Don't Let Them

Don’t let them trick you into believing that war is glorious. You have no idea what it feels like to watch your best friends fall around you. You can’t know what it’s like to know that there’s nothing you can do to help the wounded, because you’re too busy trying to keep yourself alive. In war, no one honors your last request.

Don’t let them say that you can be compassionate. Yes, soldiers are fighting for their country, but during combat, they are the most selfish people in the world. Men lay dying at other mens’ feet, but those still standing cannot help. Even bending down for a second to give a wounded friend a drink of water can cost you your life.

Don’t let them tell you that war is constant action. In war, there are moments of excitement, of fighting. But most of your time is spent waiting and wondering. When will you be home? Will the next battle be your last? What is your family doing right now? There is no way to divine the future, and there is no way to see what is happening back home.

Don’t let them say that war is clean and perfect. Unless you experience war firsthand, it’s impossible to imagine the sights, sounds, and smells. Every way you turn you see nothing but smoke and bodies. The ground under your feet is stained crimson. The moaning of the dying barely reaches your ears, nearly drowned out by the gunshots. The air reeks of blood.

Don’t let them tell you that you’ll be smarter when you come home. There is no time to think. The only thought running through your mind, over and over again, is stay alive. If you lose focus one moment, you will be dead the next. Even at night, there is no reading or calm thinking time. You can only worry that this night may be your last.

Don’t let them say that you’ll stay rested. Your body is exhausted when you lay down for the night, but you cannot sleep for the fear of an attack. Your friend in the next bunk over is tossing and turning, screaming at his nightmares. You know that you would be doing that too if you were to fall asleep.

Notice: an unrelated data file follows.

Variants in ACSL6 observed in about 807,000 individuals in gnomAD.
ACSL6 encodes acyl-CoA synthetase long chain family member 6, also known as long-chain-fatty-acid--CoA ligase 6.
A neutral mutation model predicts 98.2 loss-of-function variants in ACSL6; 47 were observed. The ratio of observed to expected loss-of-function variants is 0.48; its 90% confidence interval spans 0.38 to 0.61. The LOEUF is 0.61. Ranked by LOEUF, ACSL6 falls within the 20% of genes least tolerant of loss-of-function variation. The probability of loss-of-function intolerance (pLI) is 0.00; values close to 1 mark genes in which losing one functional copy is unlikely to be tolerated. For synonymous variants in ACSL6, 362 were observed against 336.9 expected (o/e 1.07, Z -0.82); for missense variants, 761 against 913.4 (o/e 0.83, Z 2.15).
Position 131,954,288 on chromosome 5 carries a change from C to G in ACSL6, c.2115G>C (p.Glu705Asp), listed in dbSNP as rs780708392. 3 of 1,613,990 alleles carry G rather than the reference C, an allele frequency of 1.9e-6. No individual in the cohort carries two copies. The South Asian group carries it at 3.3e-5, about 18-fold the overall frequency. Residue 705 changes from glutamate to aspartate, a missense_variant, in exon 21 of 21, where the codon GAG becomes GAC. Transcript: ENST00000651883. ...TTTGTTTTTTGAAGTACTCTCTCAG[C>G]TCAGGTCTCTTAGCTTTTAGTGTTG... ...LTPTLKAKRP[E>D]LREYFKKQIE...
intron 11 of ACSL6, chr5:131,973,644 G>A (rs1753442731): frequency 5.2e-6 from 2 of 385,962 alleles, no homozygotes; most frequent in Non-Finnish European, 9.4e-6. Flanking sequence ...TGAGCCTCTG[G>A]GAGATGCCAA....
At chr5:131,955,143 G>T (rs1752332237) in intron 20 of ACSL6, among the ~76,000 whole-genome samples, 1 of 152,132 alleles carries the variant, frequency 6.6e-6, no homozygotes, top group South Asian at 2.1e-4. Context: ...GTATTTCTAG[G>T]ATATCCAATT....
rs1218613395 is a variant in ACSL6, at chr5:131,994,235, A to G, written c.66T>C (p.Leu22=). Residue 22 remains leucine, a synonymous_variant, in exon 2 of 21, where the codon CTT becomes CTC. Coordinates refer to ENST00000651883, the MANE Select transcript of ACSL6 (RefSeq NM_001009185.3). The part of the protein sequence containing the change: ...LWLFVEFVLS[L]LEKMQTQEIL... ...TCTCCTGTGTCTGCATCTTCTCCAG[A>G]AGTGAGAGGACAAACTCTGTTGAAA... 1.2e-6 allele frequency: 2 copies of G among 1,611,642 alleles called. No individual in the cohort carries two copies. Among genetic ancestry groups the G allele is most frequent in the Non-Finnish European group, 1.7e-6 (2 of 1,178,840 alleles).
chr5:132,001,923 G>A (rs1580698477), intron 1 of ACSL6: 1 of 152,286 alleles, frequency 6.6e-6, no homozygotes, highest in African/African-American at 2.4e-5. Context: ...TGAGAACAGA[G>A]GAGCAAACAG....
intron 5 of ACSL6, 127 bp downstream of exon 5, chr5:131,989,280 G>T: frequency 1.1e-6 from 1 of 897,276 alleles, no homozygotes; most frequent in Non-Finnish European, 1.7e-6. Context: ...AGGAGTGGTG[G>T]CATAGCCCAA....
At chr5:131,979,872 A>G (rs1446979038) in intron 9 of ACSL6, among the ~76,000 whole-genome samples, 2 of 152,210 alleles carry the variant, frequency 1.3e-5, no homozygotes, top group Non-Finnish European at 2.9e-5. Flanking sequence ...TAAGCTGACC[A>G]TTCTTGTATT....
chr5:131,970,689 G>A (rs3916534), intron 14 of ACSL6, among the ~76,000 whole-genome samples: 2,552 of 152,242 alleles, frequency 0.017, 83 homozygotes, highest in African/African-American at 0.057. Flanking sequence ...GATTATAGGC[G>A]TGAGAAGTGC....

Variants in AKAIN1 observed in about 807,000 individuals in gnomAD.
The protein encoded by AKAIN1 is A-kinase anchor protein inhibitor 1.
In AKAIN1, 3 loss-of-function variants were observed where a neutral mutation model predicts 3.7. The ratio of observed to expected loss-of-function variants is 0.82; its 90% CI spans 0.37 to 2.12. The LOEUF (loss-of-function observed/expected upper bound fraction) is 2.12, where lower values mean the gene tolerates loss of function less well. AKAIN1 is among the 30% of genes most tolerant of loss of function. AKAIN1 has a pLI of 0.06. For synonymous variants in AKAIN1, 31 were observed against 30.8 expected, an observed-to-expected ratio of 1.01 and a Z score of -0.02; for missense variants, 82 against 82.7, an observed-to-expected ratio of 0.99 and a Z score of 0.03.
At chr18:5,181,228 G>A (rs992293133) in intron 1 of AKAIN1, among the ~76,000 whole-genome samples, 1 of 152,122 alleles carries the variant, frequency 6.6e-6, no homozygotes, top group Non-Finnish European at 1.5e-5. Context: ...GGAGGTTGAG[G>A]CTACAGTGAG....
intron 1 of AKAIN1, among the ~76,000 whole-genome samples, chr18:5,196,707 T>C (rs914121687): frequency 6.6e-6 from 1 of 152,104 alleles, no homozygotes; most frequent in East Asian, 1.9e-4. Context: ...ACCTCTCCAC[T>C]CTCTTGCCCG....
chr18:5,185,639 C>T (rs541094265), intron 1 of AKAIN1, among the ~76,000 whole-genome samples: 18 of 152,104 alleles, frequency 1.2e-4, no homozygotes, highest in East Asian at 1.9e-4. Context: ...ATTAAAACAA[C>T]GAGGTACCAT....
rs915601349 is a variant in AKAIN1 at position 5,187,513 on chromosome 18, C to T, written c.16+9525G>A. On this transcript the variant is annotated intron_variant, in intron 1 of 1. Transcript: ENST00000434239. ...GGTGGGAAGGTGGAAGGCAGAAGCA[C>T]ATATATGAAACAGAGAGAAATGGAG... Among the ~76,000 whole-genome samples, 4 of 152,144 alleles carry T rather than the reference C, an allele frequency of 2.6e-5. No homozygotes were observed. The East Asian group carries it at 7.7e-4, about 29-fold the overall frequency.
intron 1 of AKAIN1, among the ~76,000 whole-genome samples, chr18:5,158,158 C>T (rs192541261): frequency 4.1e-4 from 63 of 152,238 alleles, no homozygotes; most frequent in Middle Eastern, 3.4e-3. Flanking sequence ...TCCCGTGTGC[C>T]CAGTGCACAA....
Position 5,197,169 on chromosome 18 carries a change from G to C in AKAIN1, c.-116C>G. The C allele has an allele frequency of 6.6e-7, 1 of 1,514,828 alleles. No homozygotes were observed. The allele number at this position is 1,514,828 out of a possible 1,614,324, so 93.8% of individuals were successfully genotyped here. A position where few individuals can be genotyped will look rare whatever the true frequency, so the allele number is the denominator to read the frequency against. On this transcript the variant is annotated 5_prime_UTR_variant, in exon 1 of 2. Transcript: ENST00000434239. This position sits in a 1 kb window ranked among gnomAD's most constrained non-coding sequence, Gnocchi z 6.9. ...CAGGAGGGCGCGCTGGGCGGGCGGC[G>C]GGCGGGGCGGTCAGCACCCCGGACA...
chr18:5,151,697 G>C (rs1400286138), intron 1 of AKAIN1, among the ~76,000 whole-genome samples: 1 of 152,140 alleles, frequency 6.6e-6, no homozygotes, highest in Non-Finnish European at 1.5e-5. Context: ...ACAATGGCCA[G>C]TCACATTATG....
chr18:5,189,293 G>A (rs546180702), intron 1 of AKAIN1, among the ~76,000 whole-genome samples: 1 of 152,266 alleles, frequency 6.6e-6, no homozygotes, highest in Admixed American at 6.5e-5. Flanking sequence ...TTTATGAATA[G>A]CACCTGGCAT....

Don’t let them tell you that you’ll never hear from home. You don’t know how amazing it feels to finally receive a letter from home. Your hands shake so much you can’t open the envelope. You’re crying, but no one will mention it. They are jealous of you. Most of the soldiers only keep themselves alive with the thought of family, and you are holding your family in your hand. Letters are the only connection you have with home.

Don’t let them make you believe that there is no “if.” You may die. That is always a possibility, never forget that. There are always “ifs.” IF you survive. IF you don’t lose your mind. IF you still have a family by the time it’s over.

Don’t let them say that “once it’s over, it’s over forever.” Even years after the war ends, the images will still haunt your dreams, even when you’re awake. “Do not hide from me, Daddy,” your daughter will say. “It’s just me.” But you won’t know that. In your eyes, her sweet face will be the face of the enemy. Don’t hold still, or she’ll shoot me, you’ll think. These are the effects of the war.

Don’t let them tell you that it’ll end. Even decades after your victory, when you begin to lose your memory, the visions of battle will be the last scenes to escape your mind. You will jump out of your skin at the sound of a car backfiring. These are the effects of war.

Don’t let them say that you’ll be okay. Although no doctor will diagnose you as crazy, you will be. You will see scenes of war in everyday situations. Behind the shelves at a grocery store, an army of a hundred is waiting to kill you. That airplane flying above you is about to drop a bomb on your home. You can never be the same after experiencing battle.

Don’t let them trick you into believing that war is glorious.





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